Pivnick added that it might prove profitable in the future, however, if it carries advertising.
While a few of the reps on the site currently are from Dallas, most of the reps participating to date are in Atlanta, Pivnick said. He hopes to pick up showrooms in Chicago and Los Angeles, being, as pure-play Web operations are, unencumbered by geography.
He has not advertised the site so far, or linked it with search engines; he said he intends to keep traffic limited while he works out the kinks. Pivnick anticipates promoting the site in trade publications later on, as more retailers become increasingly savvy about the Internet.
“Last year, I’d say about 20 percent of buyers had e-mail. But now I’d say it’s drastically changed, and at least half of them are on line,” he noted. “We were in Florida at a show, and a 75-year-old woman whipped out her laptop to write an order.”
Mindy Whipple, proprietor of the Mindy & Me showroom at the International Apparel Mart in Dallas, is represented on with a page that lists her 12 lines and provides a link to view pictures of one of the lines.
“Right now, it’s an excellent way to get my name out there and list all of my lines; but I want to go deeper, because I think people are really getting into this computer stuff,” Whipple noted. “I’m getting other reps calling me and asking about it — more so than the stores. I’d like to give more information about the lines — photos, what age group it’s for, prices. If the stores can get that information, it will link us all.”
Silverado, a women’s clothing and home furnishings maker in Albuquerque, N.M., that is represented in Atlanta by Pivnick’s parents, has commissioned Pivnick to create a Web site intended to display highlights of its lines. is slated to be operational in mid-March.
“What I’ve seen on the Web in terms of clothing has been very poor,” asserted Sylvia Ortiz Spence, owner of Silverado. “Clothing is very tactile, and you have to make it as visually exciting as possible, and I haven’t seen that happening that much on the Web. I wanted something visually exciting, that drew you in and moved fast from one picture to the next.”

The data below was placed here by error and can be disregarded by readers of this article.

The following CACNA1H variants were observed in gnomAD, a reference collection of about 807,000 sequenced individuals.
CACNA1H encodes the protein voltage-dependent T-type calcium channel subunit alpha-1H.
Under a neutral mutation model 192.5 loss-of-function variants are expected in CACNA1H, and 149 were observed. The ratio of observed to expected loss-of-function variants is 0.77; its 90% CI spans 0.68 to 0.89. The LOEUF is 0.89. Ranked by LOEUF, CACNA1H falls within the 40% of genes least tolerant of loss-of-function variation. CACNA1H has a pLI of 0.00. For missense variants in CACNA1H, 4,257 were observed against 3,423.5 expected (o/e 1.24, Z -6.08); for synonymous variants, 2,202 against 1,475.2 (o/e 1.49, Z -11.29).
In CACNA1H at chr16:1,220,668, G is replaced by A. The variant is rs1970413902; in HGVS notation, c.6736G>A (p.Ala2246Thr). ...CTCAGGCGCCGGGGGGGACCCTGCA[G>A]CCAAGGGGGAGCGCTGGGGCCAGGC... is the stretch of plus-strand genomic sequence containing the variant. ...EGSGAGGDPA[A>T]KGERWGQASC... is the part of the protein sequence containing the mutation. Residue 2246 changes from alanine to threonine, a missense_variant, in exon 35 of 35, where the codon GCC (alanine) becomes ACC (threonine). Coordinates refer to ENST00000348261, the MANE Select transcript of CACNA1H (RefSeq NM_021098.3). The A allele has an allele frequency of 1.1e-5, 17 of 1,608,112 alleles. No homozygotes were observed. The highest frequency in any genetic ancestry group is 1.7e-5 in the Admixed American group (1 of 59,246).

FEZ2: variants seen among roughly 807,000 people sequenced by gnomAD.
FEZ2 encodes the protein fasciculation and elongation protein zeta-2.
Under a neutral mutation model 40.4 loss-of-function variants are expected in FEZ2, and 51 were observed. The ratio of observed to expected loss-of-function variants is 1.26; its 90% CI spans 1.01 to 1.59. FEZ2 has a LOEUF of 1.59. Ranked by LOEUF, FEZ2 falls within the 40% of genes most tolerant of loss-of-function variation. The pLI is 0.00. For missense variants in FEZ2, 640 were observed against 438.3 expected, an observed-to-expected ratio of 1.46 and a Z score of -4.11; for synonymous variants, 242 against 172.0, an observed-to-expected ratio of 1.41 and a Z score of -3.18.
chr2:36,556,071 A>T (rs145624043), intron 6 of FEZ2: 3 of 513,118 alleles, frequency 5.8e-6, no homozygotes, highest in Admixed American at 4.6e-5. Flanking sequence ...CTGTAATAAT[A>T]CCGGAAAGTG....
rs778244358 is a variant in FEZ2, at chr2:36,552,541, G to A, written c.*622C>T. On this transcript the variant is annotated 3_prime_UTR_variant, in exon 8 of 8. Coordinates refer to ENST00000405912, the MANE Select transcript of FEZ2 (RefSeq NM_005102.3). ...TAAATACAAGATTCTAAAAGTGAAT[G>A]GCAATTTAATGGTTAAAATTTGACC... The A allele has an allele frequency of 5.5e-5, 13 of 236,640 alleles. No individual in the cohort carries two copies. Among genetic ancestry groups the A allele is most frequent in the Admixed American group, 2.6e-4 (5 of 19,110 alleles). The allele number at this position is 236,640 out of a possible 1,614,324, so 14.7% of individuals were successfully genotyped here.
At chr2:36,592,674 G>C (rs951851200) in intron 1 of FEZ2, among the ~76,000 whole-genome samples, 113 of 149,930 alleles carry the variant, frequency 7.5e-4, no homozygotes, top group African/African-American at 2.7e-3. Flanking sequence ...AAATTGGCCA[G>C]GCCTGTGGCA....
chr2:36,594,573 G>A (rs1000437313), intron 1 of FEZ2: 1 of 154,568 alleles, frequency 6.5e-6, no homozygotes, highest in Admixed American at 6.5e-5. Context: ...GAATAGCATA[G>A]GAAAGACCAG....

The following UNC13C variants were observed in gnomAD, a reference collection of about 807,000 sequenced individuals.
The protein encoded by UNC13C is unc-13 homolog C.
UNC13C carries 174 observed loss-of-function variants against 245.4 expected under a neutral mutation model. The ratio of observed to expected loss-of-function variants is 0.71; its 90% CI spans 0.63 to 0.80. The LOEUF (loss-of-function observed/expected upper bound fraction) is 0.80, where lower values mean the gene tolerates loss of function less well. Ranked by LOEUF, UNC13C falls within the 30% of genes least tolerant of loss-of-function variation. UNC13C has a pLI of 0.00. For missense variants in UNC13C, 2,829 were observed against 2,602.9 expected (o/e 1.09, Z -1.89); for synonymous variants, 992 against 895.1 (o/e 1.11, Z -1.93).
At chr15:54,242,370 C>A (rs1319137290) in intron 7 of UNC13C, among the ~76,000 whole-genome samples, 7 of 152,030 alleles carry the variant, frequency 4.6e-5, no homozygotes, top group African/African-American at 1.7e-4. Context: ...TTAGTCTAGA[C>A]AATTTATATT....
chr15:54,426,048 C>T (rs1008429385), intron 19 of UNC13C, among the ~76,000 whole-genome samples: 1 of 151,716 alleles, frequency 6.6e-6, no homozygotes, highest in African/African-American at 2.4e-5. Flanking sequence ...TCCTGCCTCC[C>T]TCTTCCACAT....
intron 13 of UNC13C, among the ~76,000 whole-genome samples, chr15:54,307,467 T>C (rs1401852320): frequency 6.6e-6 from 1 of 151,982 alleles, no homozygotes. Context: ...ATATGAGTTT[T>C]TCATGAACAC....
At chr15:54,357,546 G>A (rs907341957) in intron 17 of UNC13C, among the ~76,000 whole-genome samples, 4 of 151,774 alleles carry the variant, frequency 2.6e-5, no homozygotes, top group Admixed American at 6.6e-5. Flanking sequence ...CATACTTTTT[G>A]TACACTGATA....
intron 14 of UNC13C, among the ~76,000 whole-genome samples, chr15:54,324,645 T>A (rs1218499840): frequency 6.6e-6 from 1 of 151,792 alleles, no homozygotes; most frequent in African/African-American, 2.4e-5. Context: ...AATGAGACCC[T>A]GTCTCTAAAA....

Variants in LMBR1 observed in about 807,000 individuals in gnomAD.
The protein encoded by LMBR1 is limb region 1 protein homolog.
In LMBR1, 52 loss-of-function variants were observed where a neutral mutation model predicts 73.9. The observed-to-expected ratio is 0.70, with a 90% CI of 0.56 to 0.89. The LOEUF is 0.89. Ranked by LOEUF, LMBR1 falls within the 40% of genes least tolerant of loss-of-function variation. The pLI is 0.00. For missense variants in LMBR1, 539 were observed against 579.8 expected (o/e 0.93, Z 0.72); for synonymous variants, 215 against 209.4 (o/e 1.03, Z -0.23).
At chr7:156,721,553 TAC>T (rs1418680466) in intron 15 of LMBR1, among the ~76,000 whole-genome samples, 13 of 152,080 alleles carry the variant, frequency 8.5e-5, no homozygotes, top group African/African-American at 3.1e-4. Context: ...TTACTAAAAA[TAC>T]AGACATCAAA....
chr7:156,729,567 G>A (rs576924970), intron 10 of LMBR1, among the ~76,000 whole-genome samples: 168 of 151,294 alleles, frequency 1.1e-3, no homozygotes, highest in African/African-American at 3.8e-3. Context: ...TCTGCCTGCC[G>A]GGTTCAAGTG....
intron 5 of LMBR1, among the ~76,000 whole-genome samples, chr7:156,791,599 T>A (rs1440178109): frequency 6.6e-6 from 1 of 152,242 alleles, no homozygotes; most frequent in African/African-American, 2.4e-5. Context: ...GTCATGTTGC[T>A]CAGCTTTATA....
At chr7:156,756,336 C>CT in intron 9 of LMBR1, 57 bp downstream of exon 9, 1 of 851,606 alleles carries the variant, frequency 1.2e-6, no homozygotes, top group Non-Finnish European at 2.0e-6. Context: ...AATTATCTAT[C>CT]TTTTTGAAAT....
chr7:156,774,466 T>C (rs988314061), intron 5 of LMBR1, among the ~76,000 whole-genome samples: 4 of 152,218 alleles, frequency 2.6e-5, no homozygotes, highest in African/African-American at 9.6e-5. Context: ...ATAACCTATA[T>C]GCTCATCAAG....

Beyond the visual, Spence also created the site to offer retailers a reference point at which to locate sales reps in specific territories.
“We’re not selling on Web,” Spence noted, “but I’m not discounting that for the future.”
Victoria Jackson, owner of the Byzantine contemporary clothing store in Dallas, started her Web site late last year to promote her store. In February, she added the ability to take orders. Within a week of that upgrade, had booked a Laundry black-and-white checked dress and a Kalan blue crystal necklace, even though the site was not yet linked to search engines.
Jackson said she believes the Web site is proving useful in drawing new customers. “I’ve gotten a few e-mails from people wanting different things,” she reported. “They see it, and call me at the store or e-mail me. I’ve also gotten customers that have called about an item they saw on the site and then bought something else. And I’ve gotten new customers onto the mailing list.”
Byzantine’s Web site lists 20 of the key lines the store stocks and publishes photos of one to three looks from each of the labels. All the promoted lines can be purchased via the Web site. In addition, the site posts information about the store.